Saturday, May 6, 2017

#WritersLife: Changing Up Your Inner Office

#WritersLife - Amber the Blonde Writer

#WritersLife, where I talk writing in real life.

I recently talked about finding inspiration to write after nearly a year of lacking motivation. I've been switching up everything related to my writing in order to jump start new ideas and wake up that coma-induced muse in my head. Another trick I'm trying is changing up how I write, including where, when, and who.

I've come up with 5 major changes to try in the next few weeks to see how they help and how frequent or strong that help turns out to be. As always, the #writerslife is a constantly changing plane, so I'm learning to adapt to my internal changes so my inner office space is open to dump those words on paper.

Silence or Music?

I am someone who thrives on words: visual words, auditory words, the conversations between the voices in my head. Because of that last reason, I have to eliminate all other forms of words besides the words popping up on my screen.

I love Okanokumo on YouTube for maintaining focus, but when I need to write action-packed sequences for my fantasy stories, I turn on Cascada. Counterproductive to my 'destroy all words' stance from earlier, but if we're honest, all of Cascada's songs are the same beat with different lyrics, and it's the beat that allows my fingers to keep pace.

Since I'm a music-listener normally, perhaps I should try silence, or maybe even throw the whole need out the window to be surrounded by people.

Solitary or Bustling?

Writing is a solitary sport, but that doesn't have to mean you don't have a stadium full of people to spectate. Some writers can write at the kitchen table with kids' TV shows blaring and teens arguing and spouses being needy and wondering where their work shirts are. Other writers lock themselves away in a basement, tower, or medium-sized closet to escape distractions. Whichever method you do, do the opposite.

This will be difficult for me because I lose focus easily, so being around family often slows me down. However, being around family also reminds me that my career is a strange one: I don't belong to a work space for 8 hours and come home and check back in. My mind was once constantly flowing with ideas, and often I would sneak a minute or two to write a new idea down or escape to finish the end of a brilliant dialogue scene.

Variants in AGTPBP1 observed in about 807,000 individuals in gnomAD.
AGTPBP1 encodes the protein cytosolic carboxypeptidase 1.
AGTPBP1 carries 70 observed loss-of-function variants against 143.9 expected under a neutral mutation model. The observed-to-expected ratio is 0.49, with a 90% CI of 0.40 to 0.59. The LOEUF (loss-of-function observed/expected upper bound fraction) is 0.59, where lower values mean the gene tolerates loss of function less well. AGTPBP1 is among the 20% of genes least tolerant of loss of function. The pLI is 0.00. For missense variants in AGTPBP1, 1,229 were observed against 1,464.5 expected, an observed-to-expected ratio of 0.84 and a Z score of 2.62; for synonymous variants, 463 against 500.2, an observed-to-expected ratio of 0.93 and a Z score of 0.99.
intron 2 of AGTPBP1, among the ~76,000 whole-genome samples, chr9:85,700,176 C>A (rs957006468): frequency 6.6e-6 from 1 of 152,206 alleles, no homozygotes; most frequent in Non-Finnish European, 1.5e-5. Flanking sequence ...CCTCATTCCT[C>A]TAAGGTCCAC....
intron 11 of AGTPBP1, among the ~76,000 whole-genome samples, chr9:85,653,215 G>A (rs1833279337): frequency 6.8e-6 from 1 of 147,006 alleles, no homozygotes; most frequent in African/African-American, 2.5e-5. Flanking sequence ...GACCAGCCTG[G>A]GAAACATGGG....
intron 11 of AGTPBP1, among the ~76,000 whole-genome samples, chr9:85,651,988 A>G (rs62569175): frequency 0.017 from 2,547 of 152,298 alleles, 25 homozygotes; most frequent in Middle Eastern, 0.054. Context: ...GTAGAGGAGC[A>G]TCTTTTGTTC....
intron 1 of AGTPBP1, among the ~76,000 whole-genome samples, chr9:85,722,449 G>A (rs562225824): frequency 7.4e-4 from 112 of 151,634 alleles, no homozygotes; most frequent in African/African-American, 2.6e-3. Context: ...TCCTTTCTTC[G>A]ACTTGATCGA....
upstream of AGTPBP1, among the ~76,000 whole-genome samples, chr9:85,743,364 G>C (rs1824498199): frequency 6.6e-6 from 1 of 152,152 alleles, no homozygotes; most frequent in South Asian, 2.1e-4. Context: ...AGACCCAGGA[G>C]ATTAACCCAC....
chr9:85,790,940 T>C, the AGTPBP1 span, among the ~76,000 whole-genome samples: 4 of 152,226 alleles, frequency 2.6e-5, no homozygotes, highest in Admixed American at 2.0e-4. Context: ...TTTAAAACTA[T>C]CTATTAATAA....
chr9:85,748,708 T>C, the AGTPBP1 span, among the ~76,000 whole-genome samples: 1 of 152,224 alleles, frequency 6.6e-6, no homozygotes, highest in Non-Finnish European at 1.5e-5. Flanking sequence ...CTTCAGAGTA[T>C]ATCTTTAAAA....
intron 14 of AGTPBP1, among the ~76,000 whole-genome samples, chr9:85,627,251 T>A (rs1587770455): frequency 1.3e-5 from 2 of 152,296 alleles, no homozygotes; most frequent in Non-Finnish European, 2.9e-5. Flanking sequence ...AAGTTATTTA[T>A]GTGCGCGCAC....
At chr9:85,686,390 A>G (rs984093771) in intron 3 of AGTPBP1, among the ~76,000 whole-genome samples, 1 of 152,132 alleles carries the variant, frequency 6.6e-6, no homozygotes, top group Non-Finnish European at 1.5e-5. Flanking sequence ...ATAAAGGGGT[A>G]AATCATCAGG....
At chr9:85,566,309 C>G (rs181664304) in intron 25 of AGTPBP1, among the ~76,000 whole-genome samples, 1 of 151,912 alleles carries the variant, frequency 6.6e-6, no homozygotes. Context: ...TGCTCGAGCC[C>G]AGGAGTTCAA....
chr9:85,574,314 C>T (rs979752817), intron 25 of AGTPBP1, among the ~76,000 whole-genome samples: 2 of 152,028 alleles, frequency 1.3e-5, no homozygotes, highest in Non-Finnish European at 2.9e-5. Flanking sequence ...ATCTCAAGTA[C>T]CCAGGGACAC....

Being around family is also a great way to get new material for characters and situations when you feel stuck because no one's family is as dramatic or dysfunctional as your own.

Sitting or Standing?

This is a fairly new idea in the writing world. Writers are perceived as these sloth-like creatures that thrive on sitting in chairs for days on end. However, with all these cubicle junkies wanting to be healthy, we now have the option of standing desks.

I admit, my mind works differently when I'm standing and writing, and that may not be entirely from the fact that my feet are killing me. Maybe our brains will coordinate action scenes more fluidly because we can feel the muscles in our legs contract with each slight movement. Or maybe we can relate more to the butterflies and the quaky knees of a romance scene as our legs buckle underneath us from exhaustion.

Either way, I think I'll give it a try.

Private or Public?

Because of my need for low music and alone-time, I'm 90% of the time writing at home. I also don't like the idea of people reading over my shoulder, which results in me holing up in a corner with my back to wall, stalking those around me behind my yellow-tinted spy-inspired computer glasses.

That's also not very comfortable, so there's that.

Writing in public is difficult to do for me because I'm so shy about my work when I don't believe it's ready for outside eyes. For those who write in public, do you have mental tricks to overcome this worry? Or if you're fine with those wandering pupils, why do you choose to write in public versus at home? This is definitely the hardest change for me to initiate.

Early or late?

There are two types of writers in the world: those who write before noon, and those who write after midnight, and yes, those are two very different groups.

I write best at four in the morning until six. Those hours are when my brain is supercharged from sleep but I'm still stuck in those dark hours of night when our brains play tricks on our memory and emotions. My friend Eric starts writing in the late afternoon, preferably after the sun goes down because I think he's secretly a llama vampire but these are just conjectures. 

Writing at 2 p.m. may not sound drastic, but it's a huge difference to my morning personality. Even writing at 6 p.m. is making me yawn, but if that's what it takes to kick-start my brain into functioning at 4 a.m., then it may be my only option.

These are just a few of the divisions I classify myself into as a writer. Do you fall into these categories? Is there one I left out? Share your thoughts and experiences and let me know if you're a sloth-like llama vampire or something even more sinister.


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